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Church Fields' future hangs in the balance
1:20pm Thursday 13th March 2014 in News
THE future of a piece of land in Ramsbottom which has been closed off to the public for almost three years hangs in the balance.
A three-day public inquiry was held last week to consider a bid by Ramsbottom Heritage Society to have Church Fields registered as a town or village green.
The primary purpose was to determine whether the land, owned by Peel Investments (North), had been used “as of right” for sporting and leisure pursuits by a significant number of people for at least 20 years.
Inspector Alan Evans, who presided at the hearing at Ramsbottom Civic Hall, will consider the evidence and will advise Bury Council whether the application should be approved or rejected. The local authority will make the final decision.
The society contends that Church Fields has been the town’s communal open space for at least 200 years, but Peel says that until 2004, and at least since 1977, the land had been fenced, roped off, grazed and supervised.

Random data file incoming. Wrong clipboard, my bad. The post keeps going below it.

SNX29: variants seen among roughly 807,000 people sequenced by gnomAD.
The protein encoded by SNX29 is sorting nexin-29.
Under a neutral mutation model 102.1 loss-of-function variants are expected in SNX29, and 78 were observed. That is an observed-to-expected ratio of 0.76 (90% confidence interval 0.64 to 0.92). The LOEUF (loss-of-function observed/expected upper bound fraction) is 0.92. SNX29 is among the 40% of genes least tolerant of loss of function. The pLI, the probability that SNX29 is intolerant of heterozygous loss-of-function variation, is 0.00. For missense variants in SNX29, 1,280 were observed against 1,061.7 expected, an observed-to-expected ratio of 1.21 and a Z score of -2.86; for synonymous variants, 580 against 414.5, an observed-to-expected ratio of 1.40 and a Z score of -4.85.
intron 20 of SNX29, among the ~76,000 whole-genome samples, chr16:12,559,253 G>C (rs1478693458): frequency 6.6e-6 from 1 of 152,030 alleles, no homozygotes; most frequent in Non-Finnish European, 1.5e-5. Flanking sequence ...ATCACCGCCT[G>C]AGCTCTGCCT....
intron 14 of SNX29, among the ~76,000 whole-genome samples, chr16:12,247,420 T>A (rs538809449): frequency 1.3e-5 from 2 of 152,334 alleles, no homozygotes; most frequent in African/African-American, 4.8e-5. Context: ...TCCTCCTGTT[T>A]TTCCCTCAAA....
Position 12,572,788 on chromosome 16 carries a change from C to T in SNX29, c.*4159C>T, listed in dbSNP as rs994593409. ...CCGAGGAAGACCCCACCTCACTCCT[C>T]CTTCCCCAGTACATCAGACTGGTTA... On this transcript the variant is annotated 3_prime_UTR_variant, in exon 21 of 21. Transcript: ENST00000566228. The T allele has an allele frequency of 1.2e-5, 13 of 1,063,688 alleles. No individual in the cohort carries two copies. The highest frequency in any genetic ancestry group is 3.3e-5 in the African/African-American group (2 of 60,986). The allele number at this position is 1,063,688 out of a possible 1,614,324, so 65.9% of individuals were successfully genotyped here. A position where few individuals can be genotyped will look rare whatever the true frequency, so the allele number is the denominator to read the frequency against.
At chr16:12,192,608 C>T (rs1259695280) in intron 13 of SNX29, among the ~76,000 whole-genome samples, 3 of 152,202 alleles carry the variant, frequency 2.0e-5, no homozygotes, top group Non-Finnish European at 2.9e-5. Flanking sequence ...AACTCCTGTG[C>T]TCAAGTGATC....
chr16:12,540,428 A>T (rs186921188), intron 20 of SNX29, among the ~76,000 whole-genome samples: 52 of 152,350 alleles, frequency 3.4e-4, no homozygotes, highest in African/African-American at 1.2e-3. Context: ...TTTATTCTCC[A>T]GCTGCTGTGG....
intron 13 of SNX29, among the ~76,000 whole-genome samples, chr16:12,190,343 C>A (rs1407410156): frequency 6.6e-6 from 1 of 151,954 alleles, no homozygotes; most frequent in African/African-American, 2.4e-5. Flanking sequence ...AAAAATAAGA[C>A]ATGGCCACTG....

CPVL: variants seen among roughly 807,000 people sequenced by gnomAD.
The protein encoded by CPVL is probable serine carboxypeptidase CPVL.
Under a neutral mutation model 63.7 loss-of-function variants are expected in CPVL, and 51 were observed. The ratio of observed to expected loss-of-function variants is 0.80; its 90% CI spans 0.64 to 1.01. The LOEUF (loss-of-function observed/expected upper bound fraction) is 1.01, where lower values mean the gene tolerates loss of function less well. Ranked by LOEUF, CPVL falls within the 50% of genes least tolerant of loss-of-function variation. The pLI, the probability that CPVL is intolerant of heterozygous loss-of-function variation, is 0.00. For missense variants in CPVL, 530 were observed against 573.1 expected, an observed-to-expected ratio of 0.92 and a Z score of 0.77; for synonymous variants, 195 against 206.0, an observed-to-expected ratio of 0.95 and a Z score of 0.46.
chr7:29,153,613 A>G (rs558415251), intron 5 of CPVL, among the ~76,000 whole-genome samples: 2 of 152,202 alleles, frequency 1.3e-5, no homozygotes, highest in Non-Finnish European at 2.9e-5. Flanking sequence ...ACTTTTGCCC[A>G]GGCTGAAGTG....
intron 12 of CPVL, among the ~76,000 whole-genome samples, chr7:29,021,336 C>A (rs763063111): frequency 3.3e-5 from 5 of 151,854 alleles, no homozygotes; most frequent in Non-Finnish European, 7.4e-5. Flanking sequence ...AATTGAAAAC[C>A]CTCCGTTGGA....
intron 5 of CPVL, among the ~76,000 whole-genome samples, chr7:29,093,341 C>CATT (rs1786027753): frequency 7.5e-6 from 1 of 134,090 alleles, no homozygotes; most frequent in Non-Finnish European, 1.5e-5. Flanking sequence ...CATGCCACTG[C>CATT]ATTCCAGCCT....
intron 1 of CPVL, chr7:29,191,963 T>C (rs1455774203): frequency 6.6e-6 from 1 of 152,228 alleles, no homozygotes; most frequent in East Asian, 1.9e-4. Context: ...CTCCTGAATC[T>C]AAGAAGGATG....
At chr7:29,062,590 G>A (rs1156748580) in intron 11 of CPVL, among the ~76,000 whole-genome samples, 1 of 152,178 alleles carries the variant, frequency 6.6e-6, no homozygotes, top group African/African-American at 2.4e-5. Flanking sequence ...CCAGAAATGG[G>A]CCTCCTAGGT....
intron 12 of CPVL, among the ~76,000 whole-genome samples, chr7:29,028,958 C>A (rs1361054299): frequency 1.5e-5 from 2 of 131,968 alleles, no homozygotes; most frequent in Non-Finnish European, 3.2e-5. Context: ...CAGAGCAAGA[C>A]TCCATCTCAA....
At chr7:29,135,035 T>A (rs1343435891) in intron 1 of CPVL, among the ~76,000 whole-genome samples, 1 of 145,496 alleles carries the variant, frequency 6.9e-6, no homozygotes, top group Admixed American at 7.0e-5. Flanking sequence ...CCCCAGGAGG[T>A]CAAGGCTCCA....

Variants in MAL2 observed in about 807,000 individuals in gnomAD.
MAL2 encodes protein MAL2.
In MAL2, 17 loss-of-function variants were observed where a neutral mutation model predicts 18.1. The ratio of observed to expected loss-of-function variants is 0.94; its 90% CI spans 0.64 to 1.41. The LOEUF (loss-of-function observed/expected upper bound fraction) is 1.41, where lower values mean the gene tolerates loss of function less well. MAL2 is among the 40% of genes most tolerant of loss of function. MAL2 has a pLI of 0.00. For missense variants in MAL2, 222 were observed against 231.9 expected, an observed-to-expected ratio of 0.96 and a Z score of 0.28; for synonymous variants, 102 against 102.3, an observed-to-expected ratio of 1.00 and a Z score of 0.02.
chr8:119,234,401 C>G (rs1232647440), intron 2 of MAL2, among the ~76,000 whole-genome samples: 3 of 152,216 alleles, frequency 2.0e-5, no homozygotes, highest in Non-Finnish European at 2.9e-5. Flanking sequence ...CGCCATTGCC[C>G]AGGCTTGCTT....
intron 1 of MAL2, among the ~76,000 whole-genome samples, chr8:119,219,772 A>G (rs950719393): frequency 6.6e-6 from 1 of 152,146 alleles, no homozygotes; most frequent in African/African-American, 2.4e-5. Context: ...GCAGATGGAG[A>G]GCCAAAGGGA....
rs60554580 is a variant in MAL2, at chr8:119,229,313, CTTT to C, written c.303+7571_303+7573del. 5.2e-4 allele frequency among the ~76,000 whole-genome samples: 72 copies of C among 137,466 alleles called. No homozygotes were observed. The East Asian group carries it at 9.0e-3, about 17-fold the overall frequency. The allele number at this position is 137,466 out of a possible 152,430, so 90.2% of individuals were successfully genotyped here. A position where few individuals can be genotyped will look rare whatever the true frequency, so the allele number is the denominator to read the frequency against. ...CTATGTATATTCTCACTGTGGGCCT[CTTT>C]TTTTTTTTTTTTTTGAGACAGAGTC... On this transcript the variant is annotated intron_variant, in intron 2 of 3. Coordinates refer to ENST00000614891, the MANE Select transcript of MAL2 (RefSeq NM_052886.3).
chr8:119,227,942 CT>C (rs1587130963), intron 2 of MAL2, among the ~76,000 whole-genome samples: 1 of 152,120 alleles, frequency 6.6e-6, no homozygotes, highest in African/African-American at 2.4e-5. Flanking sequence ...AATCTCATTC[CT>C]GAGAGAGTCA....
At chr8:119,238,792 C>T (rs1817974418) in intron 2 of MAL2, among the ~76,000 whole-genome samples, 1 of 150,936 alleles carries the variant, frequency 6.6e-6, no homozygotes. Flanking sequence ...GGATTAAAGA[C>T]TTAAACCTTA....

Witnesses told the hearing they had used Church Fields extensively before the land was fenced off and had never seen horses or trespass signs and had never been challenged.
But James Linton, of Nuttall Lane, principal witness for Peel, said his family had a verbal agreement with John Whittaker, Peel Group chairman, to graze animals on the land.
Mr Linton said he and his family used the land between March and October each year up to 2004 and “no trespassing” signs were erected near to where the horses were roped off. The animals kept in a corral.
In cross-examination, Rams-bottom Heritage Society president Andrew Todd suggested that if any horses were on the land, they may have been on a small part not generally visible to those using the area. But Mr Linton denied this and said: “They were all over the field.”
Mr Todd questioned why there was no paperwork available relating to the grazing agreement. Mr Linton replied: “That’s nowt to do with me” and added: “Are you saying that I’m a liar — is that what you are getting at?”
Mr Todd referred to photographs, including Google Earth aerial pictures, dating back to 1984 and taken between March and October, which he said showed no horses or roped off enclosures. Mr Linton said the Google photographs would have been unable to pick out any corrals or posts.
On the claim by Mr Todd that the evidence was consistent with periodic grazing of the land, Mr Linton said: “I know what you are saying, but I rented it.”
Asked to explain why others had never seen horses on the land, Mr Linton replied: “I accept they have a different version of events than me.”
A decision is not expected for several weeks.
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